Historically, dosing for children has been extrapolated from that for adults. The NBSB argues that, during an emergency, the planned dosage of vaccine would have to be the same as in adults and that they would not be able to do sequential studies. So the question is whether the limited likelihood and risk of an attack warrants testing a vaccine with significant side effects on healthy children—especially since it is not known whether any antibodies formed would actually be protective, and boosters have to be given annually. (Note: for example, the dose of diptheria and tetanus proteins in vaccines are higher for infants than for adults.) And it is known that antibiotics and post-exposure vaccination are effective for preventing anthrax infection if necessary.
A look at the pediatric trial arguments: (Pro-AVA trial now)
The driving force behind the rush to conduct trials now is “Be Prepared.” Immunized kids might be protected if they are exposed in the future. Parents have more time to consider whether to have their child participate in this clinical trial. Undoubtedly, better data is gained in non-emergent settings. Finally, if needed in an emergency, there would be dose of AVA known to be immunogenic and “safe.”
Counter position on AVA trials
Why the urgency? Even the CDC states: “Vaccination is recommended only for those at high risk, such as workers in research laboratories that handle anthrax bacteria routinely.” Also, the combination of 60 days of antibiotics plus 3 doses of vaccine currently recommended for use in post-exposure prophylaxis is very effective in preventing anthrax disease from occurring after an exposure.
Further, U.S. federal regulations (45 CFR 46, Subpart D) state that children may not be exposed to risk if a medical experiment does not offer them a direct benefit. Since, “Currently, U.S. children are not at immediate risk from anthrax and would not benefit directly from pre-event AVA [anthrax vaccine] administration,” there is only the potential for future benefit.
No vaccine or medicine is without risk. This anthrax vaccine is contraindicated for pregnant women, since it can harm the fetus. There have been cases of anaphylaxis, which is life-threatening. The manufacturer had to stop production and close its plant over quality control issues. While they have re-opened, this is not exactly a reassuring history.
Logistical impracticalities and human nature
Let’s look at some of the logistics of the proposed trial. First, how burdensome is the vaccine trial?
The immunization schedule requires 5 doses of vaccine administered over 18 months. In a scathing analysis, ethicist Art Caplan, mockingly notes:
“How worried are you about an anthrax attack on your family? I suspect it is pretty far down on your “things to worry about” list, far behind getting food on the plate, saving for the college fund, and making sure the kids get picked up after sports. Unless the government is willing to scare the living daylights out of parents, few will bring their kids in to act as subjects in what amounts to a safety study.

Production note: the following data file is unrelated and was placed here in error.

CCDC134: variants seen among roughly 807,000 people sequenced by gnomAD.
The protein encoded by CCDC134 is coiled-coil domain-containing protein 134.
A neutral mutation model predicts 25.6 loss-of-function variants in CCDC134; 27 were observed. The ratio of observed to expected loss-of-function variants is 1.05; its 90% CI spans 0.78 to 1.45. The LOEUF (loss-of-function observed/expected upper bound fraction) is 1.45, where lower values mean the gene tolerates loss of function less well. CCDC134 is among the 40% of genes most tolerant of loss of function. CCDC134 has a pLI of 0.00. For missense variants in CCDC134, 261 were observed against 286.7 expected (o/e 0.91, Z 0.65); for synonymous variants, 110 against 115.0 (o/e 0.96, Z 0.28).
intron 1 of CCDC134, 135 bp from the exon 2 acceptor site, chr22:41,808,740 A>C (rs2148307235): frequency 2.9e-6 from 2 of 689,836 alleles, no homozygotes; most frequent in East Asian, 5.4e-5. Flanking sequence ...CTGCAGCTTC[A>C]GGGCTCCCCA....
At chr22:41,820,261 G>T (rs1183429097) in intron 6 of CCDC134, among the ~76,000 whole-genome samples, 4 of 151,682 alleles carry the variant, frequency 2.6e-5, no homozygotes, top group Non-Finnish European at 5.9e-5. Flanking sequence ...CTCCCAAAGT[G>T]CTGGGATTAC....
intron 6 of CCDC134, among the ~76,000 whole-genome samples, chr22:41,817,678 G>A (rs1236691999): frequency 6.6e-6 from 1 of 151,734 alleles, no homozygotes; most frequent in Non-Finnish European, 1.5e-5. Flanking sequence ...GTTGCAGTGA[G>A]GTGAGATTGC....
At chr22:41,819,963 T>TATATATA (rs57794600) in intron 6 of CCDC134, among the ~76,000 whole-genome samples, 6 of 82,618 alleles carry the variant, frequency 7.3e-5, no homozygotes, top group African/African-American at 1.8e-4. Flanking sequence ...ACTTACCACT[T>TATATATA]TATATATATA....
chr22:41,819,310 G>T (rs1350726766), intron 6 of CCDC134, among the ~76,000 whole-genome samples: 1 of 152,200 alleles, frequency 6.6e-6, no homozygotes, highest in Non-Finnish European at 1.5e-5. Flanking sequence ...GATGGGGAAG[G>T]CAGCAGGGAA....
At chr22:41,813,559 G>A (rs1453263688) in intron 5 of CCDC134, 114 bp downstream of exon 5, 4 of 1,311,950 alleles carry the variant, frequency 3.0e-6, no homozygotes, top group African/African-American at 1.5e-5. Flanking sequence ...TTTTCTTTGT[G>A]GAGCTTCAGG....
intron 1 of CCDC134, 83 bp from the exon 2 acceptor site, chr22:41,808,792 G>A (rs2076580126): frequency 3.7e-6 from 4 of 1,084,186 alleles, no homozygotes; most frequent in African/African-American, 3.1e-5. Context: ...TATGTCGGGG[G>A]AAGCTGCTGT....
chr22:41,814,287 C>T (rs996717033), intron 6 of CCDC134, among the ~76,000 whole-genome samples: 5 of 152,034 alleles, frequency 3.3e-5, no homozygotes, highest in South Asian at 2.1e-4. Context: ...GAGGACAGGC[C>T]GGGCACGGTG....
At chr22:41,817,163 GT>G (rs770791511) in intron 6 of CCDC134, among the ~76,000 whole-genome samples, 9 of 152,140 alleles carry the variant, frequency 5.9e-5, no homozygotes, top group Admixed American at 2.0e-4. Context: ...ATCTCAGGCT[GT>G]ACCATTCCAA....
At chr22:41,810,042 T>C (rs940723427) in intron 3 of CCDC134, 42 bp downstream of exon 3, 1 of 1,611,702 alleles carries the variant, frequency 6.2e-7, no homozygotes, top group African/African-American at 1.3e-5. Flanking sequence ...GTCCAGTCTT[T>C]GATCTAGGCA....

Even if you are worried, consider this: The current vaccine requires five shots across 18 months. That alone is going to make it somewhere between very unlikely and absolutely hilariously unlikely that any parent or kid is going to make it through a trial. Even if you offered a lot of money to induce parents to bring their sons and daughters down to the test site, it would take a lot of money to make it worth their time to make five separate visits.”
Caplan further asks: “If there was an attack, would it make sense to have your kid take an untested vaccine whatever its risks? And would your child even have a chance to get the vaccine if an attack does occur?”
While this week’s bioterrorism preparedness exercise demonstrated the feasibility of distributing antibiotics to a large population in case of an emergency, it relied on postal workers, not health care workers trained to administer vaccines. Jonathan Moreno and Tom Daschle note that “33 states and the District of Columbia have cut health funding since 2008, and local health departments have lost 23,000 jobs since then. Among these are the first responders, whom we will rely on during a crisis.”
Who will give the vaccines? If the response to Hurricane Katrina is at all representative, we are in big trouble.
So why the push to do pediatric trials now?
What are the incentives for pursuing trials now? One cynically could begin by playing “Follow the Money.” We’ll start to do that in an upcoming post. Otherwise, this plan for a pediatric anthrax vaccine trial makes no sense to me. My major concern, besides the safety and ethical questions, is that serious allergic side effects will inevitably occur. And when it does, it will fuel the anti-vaccine movement. At a time when the nation is experiencing a record number of cases of measles and pertussis—vaccine preventable diseases—why would we further alienate the public with a vaccine of questionable value?